The online version of this article (https://doi.org/10.1186/s12199-018-0731-2) contains supplementary material, which is available to authorized users.
The health effects of biological aerosols on the respiratory system are unclear. The purpose of this study was to clarify the association of airborne particle, protein, and endotoxin with emergency department visits for asthma in Kyoto City, Japan.
We collected data on emergency department visits at a hospital in Kyoto from September 2014 to May 2016. Fine (aerodynamic diameter ≤ 2.5 μm) and coarse (≥ 2.5 μm) particles were collected in Kyoto, and protein and endotoxin levels were analyzed. The association of the levels of particles, protein, endotoxin, and meteorological factors (temperature, relative humidity, wind speed, and air pressure) with emergency department visits for asthma was estimated.
There were 1 to 15 emergency department visits for asthma per week, and the numbers of visits increased in the autumn and spring, namely many weeks in September, October, and April. Weekly concentration of protein in fine particles was markedly higher than that in coarse particles, and protein concentration in fine particles was high in spring months. Weekly endotoxin concentrations in fine and coarse particles were high in autumn months, including September 2014 and 2015. Even after adjusting for meteorological factors, the concentrations of coarse particles and endotoxin in both particles were significant factors on emergency department visits for asthma.
Our results suggest that atmospheric coarse particles and endotoxin are significantly associated with an increased risk of asthma exacerbation.
Additional file 1: Figure S1. Mass concentrations of fine (a) and coarse (b) particles in the outdoor air of Kyoto, Japan (September 2014–May 2016). Figure S2. Concentrations of protein in fine (a) and coarse (b) particles in the outdoor air of Kyoto, Japan (September 2014–May 2016). Figure S3. Concentrations of endotoxin in fine (a) and coarse (b) particles in the outdoor air of Kyoto, Japan (September 2014–May 2016). (ZIP 1803 kb)12199_2018_731_MOESM1_ESM.zip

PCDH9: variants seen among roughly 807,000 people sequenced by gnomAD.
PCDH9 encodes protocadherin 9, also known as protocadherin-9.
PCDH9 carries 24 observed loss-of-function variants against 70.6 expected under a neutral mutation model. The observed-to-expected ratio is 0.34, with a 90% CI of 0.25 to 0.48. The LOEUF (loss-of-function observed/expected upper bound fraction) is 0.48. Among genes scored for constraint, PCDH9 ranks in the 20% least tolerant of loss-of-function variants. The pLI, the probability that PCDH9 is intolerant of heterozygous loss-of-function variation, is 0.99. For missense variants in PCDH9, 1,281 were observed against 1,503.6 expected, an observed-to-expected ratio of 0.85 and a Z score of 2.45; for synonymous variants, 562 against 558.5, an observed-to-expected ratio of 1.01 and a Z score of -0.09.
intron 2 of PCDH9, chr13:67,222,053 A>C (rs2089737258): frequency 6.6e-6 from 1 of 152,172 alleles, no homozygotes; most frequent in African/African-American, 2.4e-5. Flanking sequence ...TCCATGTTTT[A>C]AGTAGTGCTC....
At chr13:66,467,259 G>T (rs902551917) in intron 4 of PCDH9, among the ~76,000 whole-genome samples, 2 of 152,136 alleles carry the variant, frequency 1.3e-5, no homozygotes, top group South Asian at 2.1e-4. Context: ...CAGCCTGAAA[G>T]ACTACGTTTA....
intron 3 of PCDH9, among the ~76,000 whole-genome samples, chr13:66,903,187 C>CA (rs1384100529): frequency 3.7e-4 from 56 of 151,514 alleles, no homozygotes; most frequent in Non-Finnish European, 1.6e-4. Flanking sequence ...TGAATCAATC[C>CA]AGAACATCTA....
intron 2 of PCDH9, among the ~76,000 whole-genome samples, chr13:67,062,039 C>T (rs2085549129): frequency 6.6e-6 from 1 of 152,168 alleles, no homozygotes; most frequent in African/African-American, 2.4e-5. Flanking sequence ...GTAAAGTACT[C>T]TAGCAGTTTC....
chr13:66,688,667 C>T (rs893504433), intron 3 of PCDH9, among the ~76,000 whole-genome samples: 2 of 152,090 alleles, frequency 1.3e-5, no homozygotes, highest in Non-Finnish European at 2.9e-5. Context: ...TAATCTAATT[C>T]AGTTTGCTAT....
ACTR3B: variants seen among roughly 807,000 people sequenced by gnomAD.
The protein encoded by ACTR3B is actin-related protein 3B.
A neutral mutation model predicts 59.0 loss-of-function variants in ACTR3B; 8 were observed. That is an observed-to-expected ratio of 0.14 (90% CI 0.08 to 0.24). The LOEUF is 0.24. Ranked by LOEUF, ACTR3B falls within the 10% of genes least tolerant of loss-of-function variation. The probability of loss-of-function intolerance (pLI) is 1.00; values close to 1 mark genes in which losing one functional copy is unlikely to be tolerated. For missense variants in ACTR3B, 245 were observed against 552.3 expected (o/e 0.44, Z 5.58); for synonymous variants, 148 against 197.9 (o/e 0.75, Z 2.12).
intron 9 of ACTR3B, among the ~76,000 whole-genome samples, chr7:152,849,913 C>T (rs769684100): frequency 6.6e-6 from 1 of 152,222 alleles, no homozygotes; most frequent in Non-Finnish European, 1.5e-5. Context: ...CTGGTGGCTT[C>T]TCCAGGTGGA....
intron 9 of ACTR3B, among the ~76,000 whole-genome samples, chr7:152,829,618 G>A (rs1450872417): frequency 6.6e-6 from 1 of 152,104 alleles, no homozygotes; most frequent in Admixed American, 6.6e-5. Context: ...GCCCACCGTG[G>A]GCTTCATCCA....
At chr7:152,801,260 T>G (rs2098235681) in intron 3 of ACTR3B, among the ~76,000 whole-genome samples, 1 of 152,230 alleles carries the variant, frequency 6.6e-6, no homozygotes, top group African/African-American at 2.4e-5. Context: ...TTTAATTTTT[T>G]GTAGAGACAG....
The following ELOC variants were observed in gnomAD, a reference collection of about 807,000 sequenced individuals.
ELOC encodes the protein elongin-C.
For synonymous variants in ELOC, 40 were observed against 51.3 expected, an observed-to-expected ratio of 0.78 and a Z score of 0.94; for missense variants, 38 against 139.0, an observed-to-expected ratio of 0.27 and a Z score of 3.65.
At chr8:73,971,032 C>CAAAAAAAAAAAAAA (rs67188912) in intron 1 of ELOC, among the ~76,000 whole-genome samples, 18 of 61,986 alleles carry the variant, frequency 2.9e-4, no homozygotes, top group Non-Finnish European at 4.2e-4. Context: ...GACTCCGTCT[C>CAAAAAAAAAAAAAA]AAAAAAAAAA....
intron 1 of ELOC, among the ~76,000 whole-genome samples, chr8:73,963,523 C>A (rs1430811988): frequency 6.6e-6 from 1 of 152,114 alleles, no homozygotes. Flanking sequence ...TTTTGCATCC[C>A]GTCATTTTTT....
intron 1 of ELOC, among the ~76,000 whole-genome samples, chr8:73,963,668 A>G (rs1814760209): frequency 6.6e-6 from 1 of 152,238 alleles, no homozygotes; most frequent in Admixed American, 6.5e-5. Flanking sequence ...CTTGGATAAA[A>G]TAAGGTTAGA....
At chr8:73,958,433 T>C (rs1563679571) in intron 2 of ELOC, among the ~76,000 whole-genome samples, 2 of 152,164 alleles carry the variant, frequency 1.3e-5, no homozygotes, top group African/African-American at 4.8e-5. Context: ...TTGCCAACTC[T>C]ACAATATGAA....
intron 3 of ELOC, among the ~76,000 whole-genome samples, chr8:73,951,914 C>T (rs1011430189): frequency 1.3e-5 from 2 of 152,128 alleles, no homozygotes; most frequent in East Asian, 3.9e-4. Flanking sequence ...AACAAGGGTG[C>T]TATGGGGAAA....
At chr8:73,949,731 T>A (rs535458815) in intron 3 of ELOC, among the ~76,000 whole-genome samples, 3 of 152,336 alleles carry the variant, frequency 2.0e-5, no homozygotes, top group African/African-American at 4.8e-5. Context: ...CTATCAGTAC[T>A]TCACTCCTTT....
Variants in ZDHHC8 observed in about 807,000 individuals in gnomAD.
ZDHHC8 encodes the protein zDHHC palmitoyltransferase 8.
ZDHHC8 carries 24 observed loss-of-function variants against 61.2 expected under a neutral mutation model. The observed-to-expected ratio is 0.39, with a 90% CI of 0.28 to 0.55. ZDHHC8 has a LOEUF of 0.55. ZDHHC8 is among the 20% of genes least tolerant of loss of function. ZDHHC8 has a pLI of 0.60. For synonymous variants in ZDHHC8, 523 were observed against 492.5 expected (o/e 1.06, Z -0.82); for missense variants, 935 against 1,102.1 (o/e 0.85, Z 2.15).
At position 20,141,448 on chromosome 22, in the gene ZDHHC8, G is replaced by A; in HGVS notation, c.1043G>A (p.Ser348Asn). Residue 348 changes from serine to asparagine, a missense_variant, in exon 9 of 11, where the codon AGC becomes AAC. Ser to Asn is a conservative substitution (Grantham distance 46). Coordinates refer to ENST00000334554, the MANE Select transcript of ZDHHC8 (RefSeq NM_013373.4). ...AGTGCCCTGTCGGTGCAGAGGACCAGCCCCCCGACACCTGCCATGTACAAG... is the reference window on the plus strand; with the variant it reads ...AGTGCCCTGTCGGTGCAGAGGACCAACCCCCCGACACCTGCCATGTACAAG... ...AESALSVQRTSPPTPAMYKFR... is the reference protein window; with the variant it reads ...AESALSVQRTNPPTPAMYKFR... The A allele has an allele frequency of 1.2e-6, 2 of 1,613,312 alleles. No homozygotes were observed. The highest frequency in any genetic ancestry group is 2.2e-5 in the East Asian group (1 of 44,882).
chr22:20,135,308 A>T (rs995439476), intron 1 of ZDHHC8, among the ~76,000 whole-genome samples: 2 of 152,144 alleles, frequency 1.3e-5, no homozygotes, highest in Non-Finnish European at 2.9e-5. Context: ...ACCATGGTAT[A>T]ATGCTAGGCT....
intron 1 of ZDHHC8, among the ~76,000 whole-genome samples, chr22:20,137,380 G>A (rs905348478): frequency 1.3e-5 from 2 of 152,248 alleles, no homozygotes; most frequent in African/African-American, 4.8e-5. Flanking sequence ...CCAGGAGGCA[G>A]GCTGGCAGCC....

Fan J, Li S, Fan C, Bai Z, Yang K. The impact of PM2.5 on asthma emergency department visits: a systematic review and meta-analysis. Environ Sci Pollut Res. 2016;23:843–50. CrossRef
Atkinson RW, Anderson HR, Sunyer J, Ayres J, Baccini M, Vonk JM, Boumghar A, Forastiere F, Forsberg B, Touloumi G, Schwartz J, Katsouyanni K. Acute effects of particulate air pollution on respiratory admissions: results from APHEA 2 project. Am J Respir Crit Care Med. 2001;164:1860–6. CrossRefPubMed
Parrado ZG, Gonzalez DF, Camazon B, Barrera RMV, Maray AMV, Asturias JA, et al. Molecular aerobiology – Plantago allergen Pla l 1 in the atmosphere. Ann Agric Environ Med. 2014;21(2):282–9. CrossRef
Kang H, Xie Z, Hu Q. Ambient protein concentration in PM10 in Hefei, central China. Atmos Environ. 2012;54:73–9. CrossRef
Miguel AG, Cass GR, Glovsky MM, Weiss J. Allergens in paved road dust and airborne particles. Environ Sci Technol. 1999;33:4159–68. CrossRef
Cheng JYW, Hui ELC, Lau PC. Bioactive and total endotoxins in atmospheric aerosols in the Pearl River Delta region, China. Atmos Environ. 2012;47:3–11. CrossRef
Heinrich J, Pitz M, Bischof W, Krug N, Borm PJA. Endotoxin in fine (PM 2.5) and coarse (PM 2.5-10) particle mass of ambient aerosols. A temporo-spatial analysis. Atmos Environ. 2003;37:3659–67. CrossRef
Nilsson S, Merritt AS, Bellander T. Endotoxins in urban air in Stockholm, Sweden. Atmos Environ. 2011;45:266–70. CrossRef
The Japan Meteorological Agency. Information on past weather data (in Japanese). Available at: http://www.data.jma.go.jp/obd/stats/etm/index.php. Accessed 10 Jan 2018.
Castilloa JA, Statona SJR, Taylorb TJ, Herckesa P, Hayesa MA. Exploring the feasibility of bioaerosol analysis as a novel fingerprinting technology. Anal Bioanal Chem. 2012;403(1):15–26. CrossRef
Mitchel O, Ginanni R, Bon BL, Content J, Duchateau J, Sergysels R. Inspiratory response to acute inhalation of endotoxin in asthmatic patients. Am Rev Respir Dis. 1992;146:352–7. CrossRef
Kanchongkittiphone W, Mendell MJ, Gaffin JM, Wang G, Phipatanakul W. Indoor environmental exposures and exacerbation of asthma: an update to the 2000 review by the Institute of Medicine. Environ Health Perspect. 2015;123:6–19. CrossRef
The Japan Meteorological Agency. Information on data bank of global environment-Kosa (in Japanese). Available at: http://www.data.jma.go.jp/gmd/env/kosahp/kosa_data_index.html. Accessed 10 Jan 2018.
- Association of airborne particles, protein, and endotoxin with emergency department visits for asthma in Kyoto, Japan
Mohammad Shahriar Khan
- BioMed Central